By analyzing ten examples of buildings that embody the human experience at an extraordinary level, this book clarifies the central importance of the role of function in architecture as a generative force in determining built form. Using familiar twentieth-century buildings as case studies, the authors present these from a new perspective, based on their functional design concepts. Here Grabow and Spreckelmeyer expand the definition of human use to that of an art form by re-evaluating these buildings from an aesthetic and ecological view of function. Each building is described from the point of view of a major functional concept or idea of human use which then spreads out and influences the spatial organization, built form and structure. In doing so each building is presented as an exemplar that reaches beyond the pragmatic concerns of a narrow program and demonstrates how functional concepts can inspire great design, evoke archetypal human experience and help us to understand how architecture embodies the deeper purposes and meanings of everyday life.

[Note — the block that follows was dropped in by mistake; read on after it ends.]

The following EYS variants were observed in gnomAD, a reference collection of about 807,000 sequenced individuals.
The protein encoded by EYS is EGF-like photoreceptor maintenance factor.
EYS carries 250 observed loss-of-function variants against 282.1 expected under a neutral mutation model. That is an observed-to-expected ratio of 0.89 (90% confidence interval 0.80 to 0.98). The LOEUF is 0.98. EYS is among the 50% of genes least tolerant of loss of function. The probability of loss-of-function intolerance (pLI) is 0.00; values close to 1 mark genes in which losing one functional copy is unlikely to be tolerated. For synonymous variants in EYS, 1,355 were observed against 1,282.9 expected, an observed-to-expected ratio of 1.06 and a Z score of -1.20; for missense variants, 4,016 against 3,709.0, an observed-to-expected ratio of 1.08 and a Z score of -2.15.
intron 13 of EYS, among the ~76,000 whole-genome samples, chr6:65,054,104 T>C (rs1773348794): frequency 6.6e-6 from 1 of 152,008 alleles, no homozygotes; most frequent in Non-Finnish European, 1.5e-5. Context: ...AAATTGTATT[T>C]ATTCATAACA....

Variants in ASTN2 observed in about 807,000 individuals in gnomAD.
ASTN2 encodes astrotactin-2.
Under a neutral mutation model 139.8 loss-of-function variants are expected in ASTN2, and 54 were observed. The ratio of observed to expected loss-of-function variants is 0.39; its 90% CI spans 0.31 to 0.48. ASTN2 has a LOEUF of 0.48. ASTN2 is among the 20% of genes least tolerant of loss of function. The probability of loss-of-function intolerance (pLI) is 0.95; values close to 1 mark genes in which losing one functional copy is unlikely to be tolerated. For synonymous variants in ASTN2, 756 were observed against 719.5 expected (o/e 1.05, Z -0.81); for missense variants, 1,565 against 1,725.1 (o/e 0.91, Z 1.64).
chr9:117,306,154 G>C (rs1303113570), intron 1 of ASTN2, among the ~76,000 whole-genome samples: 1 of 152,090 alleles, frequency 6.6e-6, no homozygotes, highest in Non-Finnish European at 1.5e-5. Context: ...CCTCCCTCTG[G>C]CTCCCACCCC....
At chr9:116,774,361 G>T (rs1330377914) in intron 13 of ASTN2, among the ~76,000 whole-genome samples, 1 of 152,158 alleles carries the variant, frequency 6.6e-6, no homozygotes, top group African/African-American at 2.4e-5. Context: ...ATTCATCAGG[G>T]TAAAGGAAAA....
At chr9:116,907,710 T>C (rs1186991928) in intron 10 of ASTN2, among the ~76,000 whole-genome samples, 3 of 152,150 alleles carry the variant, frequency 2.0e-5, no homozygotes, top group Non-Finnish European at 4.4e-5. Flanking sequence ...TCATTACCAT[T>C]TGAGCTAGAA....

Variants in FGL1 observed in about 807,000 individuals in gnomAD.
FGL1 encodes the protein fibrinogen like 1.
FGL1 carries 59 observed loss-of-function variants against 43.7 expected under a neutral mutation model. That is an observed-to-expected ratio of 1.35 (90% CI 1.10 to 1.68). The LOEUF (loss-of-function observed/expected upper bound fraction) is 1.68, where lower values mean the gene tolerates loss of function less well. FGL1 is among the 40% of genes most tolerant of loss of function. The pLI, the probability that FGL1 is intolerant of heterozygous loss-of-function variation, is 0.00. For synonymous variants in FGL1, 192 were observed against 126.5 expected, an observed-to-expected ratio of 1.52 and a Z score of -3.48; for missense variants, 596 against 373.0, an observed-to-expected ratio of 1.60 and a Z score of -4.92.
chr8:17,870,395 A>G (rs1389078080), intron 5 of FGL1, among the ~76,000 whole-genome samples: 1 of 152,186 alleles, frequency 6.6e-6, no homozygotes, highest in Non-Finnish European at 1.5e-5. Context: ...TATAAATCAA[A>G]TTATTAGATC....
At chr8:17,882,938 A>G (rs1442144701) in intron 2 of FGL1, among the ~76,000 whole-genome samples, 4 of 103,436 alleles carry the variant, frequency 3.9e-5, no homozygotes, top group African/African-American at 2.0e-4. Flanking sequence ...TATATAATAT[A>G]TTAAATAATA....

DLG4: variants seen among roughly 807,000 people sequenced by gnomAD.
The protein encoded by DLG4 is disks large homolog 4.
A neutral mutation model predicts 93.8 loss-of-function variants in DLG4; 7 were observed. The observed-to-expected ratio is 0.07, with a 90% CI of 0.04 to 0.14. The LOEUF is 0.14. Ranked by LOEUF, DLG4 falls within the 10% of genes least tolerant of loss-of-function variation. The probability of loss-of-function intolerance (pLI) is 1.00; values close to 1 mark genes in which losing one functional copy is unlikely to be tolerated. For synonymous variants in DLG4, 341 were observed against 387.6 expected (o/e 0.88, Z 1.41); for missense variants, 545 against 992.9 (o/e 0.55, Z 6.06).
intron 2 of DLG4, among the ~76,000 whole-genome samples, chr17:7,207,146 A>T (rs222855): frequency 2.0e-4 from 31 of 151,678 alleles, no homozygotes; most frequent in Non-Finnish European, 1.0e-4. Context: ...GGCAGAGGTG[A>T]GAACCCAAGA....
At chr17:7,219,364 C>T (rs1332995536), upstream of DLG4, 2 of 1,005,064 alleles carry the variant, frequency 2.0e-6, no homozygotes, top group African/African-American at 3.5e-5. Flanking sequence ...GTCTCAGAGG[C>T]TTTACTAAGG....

Stephen Grabow is Professor of Architecture at the University of Kansas. He is the recipient of fellowships from the National Endowment for the Humanities, the National Endowment for the Arts and the American Fulbright Commission. He was educated in architecture at the University of Michigan and at Pratt Institute, in landscape architecture at the University of California at Berkeley and holds a doctorate in urban planning from the University of Washington. Kent Spreckelmeyer is Professor of Architecture at the University of Kansas. He is a Fellow of the American Institute of Architects and the recipient of a Kemper Teaching Fellowship and numerous grants in the field of healthcare planning. He was educated in architecture at the University of Kansas and at University College, London and holds a doctorate in architecture from the University of Michigan.
Kent Spreckelmeyer, Stephen Grabow
Taylor & Francis Ltd
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50 black & white halftones, 35 black & white line drawings